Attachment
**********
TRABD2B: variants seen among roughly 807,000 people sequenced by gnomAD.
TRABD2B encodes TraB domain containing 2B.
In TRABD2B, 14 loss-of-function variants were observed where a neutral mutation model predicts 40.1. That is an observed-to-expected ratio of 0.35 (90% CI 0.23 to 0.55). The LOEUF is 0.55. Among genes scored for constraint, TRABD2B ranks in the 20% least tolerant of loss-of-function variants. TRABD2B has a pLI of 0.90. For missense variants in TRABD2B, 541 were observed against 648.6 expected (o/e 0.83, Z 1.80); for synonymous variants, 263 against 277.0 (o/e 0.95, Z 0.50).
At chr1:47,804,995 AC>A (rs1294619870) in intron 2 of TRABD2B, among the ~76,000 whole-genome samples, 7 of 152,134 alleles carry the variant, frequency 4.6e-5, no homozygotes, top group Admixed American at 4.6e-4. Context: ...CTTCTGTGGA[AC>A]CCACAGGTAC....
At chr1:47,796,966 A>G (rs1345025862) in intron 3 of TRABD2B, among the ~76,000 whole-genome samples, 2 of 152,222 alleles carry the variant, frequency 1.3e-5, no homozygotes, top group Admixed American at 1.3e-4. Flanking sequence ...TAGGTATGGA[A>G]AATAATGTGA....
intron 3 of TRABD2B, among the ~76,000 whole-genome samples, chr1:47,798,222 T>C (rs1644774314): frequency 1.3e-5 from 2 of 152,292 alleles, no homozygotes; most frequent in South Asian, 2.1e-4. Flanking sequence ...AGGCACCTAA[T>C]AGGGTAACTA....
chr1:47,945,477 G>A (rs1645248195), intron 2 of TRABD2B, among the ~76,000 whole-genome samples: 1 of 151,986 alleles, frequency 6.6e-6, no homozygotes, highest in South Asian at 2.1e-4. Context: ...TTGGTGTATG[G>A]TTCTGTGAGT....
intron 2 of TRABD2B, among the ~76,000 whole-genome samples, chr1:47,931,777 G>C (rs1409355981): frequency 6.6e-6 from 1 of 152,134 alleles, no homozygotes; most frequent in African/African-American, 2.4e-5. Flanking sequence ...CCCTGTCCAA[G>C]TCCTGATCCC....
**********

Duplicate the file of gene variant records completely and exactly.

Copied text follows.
TRABD2B: variants seen among roughly 807,000 people sequenced by gnomAD.
TRABD2B encodes TraB domain containing 2B.
In TRABD2B, 14 loss-of-function variants were observed where a neutral mutation model predicts 40.1. That is an observed-to-expected ratio of 0.35 (90% CI 0.23 to 0.55). The LOEUF is 0.55. Among genes scored for constraint, TRABD2B ranks in the 20% least tolerant of loss-of-function variants. TRABD2B has a pLI of 0.90. For missense variants in TRABD2B, 541 were observed against 648.6 expected (o/e 0.83, Z 1.80); for synonymous variants, 263 against 277.0 (o/e 0.95, Z 0.50).
At chr1:47,804,995 AC>A (rs1294619870) in intron 2 of TRABD2B, among the ~76,000 whole-genome samples, 7 of 152,134 alleles carry the variant, frequency 4.6e-5, no homozygotes, top group Admixed American at 4.6e-4. Context: ...CTTCTGTGGA[AC>A]CCACAGGTAC....
At chr1:47,796,966 A>G (rs1345025862) in intron 3 of TRABD2B, among the ~76,000 whole-genome samples, 2 of 152,222 alleles carry the variant, frequency 1.3e-5, no homozygotes, top group Admixed American at 1.3e-4. Flanking sequence ...TAGGTATGGA[A>G]AATAATGTGA....
intron 3 of TRABD2B, among the ~76,000 whole-genome samples, chr1:47,798,222 T>C (rs1644774314): frequency 1.3e-5 from 2 of 152,292 alleles, no homozygotes; most frequent in South Asian, 2.1e-4. Flanking sequence ...AGGCACCTAA[T>C]AGGGTAACTA....
chr1:47,945,477 G>A (rs1645248195), intron 2 of TRABD2B, among the ~76,000 whole-genome samples: 1 of 151,986 alleles, frequency 6.6e-6, no homozygotes, highest in South Asian at 2.1e-4. Context: ...TTGGTGTATG[G>A]TTCTGTGAGT....
intron 2 of TRABD2B, among the ~76,000 whole-genome samples, chr1:47,931,777 G>C (rs1409355981): frequency 6.6e-6 from 1 of 152,134 alleles, no homozygotes; most frequent in African/African-American, 2.4e-5. Flanking sequence ...CCCTGTCCAA[G>C]TCCTGATCCC....